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Black Women Are The Fastest-Growing Group of Gun Owners

Updated: Nov 18, 2022

In recent years, there's been a significant increase in the number of black women who own firearms. In fact, black women are now the fastest-growing group of gun owners in the United States. For many black women, owning a gun is about more than just self-defense; it's also a way to reclaim their power and agency. In a country that has long treated them as second-class citizens, black women are using guns to take control of their lives and create safer communities for themselves and their families.

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Groups such as My Sister's Keeper Defense and the National African American Gun Association (which has over 45,000 members) are two leading organizations catering to a growing number of Black women gun owners.

Rising crime rates, distrust of law enforcement and an increase in violent extremist groups are the primary reasons Black women are arming themselves.

There's no denying that Black women have good reason to be concerned for their safety. In recent years, we've seen a sharp increase in crime rates, and a corresponding distrust of law enforcement. At the same time, violent extremist groups have become more active, and their targets seem to be Black women specifically. It's no wonder, then, that more and more Black women are taking steps to arm themselves.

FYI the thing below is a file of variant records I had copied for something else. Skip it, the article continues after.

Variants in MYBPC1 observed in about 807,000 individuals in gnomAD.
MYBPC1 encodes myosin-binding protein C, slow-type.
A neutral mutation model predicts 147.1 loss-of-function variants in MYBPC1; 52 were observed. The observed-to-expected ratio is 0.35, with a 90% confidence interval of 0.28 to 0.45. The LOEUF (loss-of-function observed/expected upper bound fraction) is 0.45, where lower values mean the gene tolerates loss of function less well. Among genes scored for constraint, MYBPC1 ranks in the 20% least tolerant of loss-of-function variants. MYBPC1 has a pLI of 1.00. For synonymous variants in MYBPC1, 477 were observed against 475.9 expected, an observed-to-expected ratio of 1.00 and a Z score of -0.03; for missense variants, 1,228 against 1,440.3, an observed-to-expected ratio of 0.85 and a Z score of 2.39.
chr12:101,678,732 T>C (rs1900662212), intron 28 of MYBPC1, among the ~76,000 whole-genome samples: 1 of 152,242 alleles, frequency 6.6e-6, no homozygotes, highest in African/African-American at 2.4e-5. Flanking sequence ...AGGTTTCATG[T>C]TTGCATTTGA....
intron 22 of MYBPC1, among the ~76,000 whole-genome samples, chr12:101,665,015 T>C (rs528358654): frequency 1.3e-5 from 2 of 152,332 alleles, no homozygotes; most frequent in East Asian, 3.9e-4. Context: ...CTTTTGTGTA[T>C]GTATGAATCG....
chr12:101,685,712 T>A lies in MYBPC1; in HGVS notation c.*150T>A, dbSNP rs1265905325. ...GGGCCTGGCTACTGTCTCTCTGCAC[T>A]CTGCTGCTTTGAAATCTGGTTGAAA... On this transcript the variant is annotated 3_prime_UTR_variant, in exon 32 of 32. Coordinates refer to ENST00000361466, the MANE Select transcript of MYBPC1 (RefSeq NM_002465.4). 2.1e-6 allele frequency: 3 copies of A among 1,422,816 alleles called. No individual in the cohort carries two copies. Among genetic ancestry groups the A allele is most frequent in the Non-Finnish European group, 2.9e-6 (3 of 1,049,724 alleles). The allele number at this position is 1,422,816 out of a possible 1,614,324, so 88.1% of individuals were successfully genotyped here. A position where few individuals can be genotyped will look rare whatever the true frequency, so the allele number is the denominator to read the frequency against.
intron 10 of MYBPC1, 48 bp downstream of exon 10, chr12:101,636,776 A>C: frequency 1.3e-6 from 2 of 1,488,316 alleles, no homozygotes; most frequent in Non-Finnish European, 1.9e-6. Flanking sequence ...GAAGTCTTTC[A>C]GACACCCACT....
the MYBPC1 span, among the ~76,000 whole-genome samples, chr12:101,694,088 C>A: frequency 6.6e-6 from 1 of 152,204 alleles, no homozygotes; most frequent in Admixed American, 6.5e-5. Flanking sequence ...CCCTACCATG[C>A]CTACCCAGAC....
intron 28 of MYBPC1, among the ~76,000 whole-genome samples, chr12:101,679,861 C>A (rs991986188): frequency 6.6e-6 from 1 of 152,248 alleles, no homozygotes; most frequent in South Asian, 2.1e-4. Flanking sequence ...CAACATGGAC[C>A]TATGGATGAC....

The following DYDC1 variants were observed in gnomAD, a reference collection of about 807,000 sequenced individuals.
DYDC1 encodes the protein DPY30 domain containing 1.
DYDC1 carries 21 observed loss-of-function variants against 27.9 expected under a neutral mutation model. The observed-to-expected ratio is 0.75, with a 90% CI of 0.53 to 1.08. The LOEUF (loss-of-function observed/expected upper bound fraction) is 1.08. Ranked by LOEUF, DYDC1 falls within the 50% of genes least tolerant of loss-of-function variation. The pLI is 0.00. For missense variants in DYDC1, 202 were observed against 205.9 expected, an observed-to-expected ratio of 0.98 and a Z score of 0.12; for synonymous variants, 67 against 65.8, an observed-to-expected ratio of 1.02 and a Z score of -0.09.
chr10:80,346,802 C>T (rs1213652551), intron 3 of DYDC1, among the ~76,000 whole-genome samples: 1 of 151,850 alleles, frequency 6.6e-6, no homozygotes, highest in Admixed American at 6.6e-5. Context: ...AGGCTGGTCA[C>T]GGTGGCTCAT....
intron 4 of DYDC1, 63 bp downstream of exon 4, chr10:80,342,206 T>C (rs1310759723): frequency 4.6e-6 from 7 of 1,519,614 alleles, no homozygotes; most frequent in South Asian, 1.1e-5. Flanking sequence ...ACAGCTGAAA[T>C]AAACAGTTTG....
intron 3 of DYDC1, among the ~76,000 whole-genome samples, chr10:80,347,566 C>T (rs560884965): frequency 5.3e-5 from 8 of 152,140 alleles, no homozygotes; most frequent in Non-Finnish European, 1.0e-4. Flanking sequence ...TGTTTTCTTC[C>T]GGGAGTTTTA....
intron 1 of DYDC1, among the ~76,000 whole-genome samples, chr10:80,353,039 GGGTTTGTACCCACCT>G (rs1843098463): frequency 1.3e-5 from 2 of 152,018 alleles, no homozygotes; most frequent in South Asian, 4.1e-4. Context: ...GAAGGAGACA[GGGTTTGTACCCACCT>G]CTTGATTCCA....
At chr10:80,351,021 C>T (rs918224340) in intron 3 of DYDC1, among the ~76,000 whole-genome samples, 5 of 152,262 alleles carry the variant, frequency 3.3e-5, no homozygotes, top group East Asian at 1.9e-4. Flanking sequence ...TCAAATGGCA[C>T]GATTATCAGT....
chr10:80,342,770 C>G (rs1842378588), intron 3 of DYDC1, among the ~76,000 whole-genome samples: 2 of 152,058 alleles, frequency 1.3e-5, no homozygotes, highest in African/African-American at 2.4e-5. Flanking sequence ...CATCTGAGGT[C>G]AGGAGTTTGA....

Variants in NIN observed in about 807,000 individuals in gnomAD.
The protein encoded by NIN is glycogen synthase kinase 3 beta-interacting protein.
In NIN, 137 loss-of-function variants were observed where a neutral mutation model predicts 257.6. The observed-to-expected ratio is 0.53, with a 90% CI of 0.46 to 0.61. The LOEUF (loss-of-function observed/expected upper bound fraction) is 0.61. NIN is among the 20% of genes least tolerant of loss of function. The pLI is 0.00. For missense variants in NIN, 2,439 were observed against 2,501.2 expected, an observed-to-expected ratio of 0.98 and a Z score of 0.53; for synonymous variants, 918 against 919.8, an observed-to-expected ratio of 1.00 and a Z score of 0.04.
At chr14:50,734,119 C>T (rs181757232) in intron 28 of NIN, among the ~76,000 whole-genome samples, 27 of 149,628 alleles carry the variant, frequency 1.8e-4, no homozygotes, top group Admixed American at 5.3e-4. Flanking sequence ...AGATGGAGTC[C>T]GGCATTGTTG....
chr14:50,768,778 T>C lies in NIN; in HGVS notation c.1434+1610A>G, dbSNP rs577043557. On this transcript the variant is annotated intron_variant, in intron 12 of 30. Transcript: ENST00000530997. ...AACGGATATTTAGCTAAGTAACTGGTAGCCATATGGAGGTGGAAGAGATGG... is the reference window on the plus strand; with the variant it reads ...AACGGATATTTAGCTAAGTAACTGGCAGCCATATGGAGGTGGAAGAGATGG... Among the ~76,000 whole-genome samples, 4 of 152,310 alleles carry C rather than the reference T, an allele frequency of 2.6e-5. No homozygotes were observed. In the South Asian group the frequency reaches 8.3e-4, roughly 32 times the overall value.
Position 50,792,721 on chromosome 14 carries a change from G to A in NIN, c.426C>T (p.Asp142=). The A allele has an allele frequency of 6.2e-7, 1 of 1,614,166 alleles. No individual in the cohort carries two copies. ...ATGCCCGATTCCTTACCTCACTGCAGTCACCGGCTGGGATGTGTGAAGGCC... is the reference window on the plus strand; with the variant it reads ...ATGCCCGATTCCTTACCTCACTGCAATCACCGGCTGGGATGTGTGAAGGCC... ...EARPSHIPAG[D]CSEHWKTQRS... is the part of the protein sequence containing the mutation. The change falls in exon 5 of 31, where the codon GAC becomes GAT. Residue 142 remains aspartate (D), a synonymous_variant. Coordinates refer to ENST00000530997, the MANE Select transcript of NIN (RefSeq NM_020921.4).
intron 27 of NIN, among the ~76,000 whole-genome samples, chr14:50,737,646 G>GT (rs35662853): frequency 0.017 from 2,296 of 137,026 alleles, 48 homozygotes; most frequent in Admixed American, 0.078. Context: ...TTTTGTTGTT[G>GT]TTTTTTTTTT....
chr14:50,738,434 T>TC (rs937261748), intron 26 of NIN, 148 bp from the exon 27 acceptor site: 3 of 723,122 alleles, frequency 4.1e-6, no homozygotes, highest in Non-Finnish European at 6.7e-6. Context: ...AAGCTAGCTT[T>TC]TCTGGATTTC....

Of course, carrying a weapon comes with its own risks. But for many Black women, the sense of protection and empowerment that comes from being armed is worth the risk. After all, we live in a world where violence against Black women is all too common. And in a society that often fails to protect us, sometimes the only way to feel safe is to take matters into our own hands.

Black women find sisterhood and camaraderie in self-defense groups and increasingly turn to them for safety and support.

Being a woman is hard enough, but being a black woman comes with its own unique set of challenges. From micro-aggressions to outright violence, black women have long been targeted simply for existing in the world. In response, many black women have joined self-defense groups as a way to protect themselves and their sisters. These groups provide a safe space for black women to connect with others who understand their experiences. They offer support and sisterhood in a world that often feels hostile. In addition, they provide practical self-defense training that can help black women defend themselves if they are ever attacked. For many black women, self-defense groups are a vital source of community and support.

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